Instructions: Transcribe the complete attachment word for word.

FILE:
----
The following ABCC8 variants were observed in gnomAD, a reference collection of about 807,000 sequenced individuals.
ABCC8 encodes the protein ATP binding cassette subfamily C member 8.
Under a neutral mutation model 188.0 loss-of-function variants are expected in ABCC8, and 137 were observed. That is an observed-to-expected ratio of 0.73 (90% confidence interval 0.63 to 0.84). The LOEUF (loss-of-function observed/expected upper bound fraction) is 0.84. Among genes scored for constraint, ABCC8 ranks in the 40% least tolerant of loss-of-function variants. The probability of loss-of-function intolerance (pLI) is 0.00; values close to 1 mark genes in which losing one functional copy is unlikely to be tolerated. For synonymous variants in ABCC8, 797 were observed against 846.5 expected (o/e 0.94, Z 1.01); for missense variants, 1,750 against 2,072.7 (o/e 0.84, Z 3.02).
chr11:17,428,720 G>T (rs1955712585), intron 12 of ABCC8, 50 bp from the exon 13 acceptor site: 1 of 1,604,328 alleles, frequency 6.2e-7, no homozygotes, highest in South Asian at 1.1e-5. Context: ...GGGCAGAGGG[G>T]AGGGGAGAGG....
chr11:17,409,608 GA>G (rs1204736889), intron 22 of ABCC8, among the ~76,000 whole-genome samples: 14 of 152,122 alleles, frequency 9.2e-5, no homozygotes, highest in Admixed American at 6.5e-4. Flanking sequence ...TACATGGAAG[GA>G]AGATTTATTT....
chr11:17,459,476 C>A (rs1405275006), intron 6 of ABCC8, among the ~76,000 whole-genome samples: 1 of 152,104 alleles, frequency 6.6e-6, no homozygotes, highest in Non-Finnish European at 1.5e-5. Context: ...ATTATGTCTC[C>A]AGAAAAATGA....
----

The following ABCC8 variants were observed in gnomAD, a reference collection of about 807,000 sequenced individuals.
ABCC8 encodes the protein ATP binding cassette subfamily C member 8.
Under a neutral mutation model 188.0 loss-of-function variants are expected in ABCC8, and 137 were observed. That is an observed-to-expected ratio of 0.73 (90% confidence interval 0.63 to 0.84). The LOEUF (loss-of-function observed/expected upper bound fraction) is 0.84. Among genes scored for constraint, ABCC8 ranks in the 40% least tolerant of loss-of-function variants. The probability of loss-of-function intolerance (pLI) is 0.00; values close to 1 mark genes in which losing one functional copy is unlikely to be tolerated. For synonymous variants in ABCC8, 797 were observed against 846.5 expected (o/e 0.94, Z 1.01); for missense variants, 1,750 against 2,072.7 (o/e 0.84, Z 3.02).
chr11:17,428,720 G>T (rs1955712585), intron 12 of ABCC8, 50 bp from the exon 13 acceptor site: 1 of 1,604,328 alleles, frequency 6.2e-7, no homozygotes, highest in South Asian at 1.1e-5. Context: ...GGGCAGAGGG[G>T]AGGGGAGAGG....
chr11:17,409,608 GA>G (rs1204736889), intron 22 of ABCC8, among the ~76,000 whole-genome samples: 14 of 152,122 alleles, frequency 9.2e-5, no homozygotes, highest in Admixed American at 6.5e-4. Flanking sequence ...TACATGGAAG[GA>G]AGATTTATTT....
chr11:17,459,476 C>A (rs1405275006), intron 6 of ABCC8, among the ~76,000 whole-genome samples: 1 of 152,104 alleles, frequency 6.6e-6, no homozygotes, highest in Non-Finnish European at 1.5e-5. Context: ...ATTATGTCTC[C>A]AGAAAAATGA....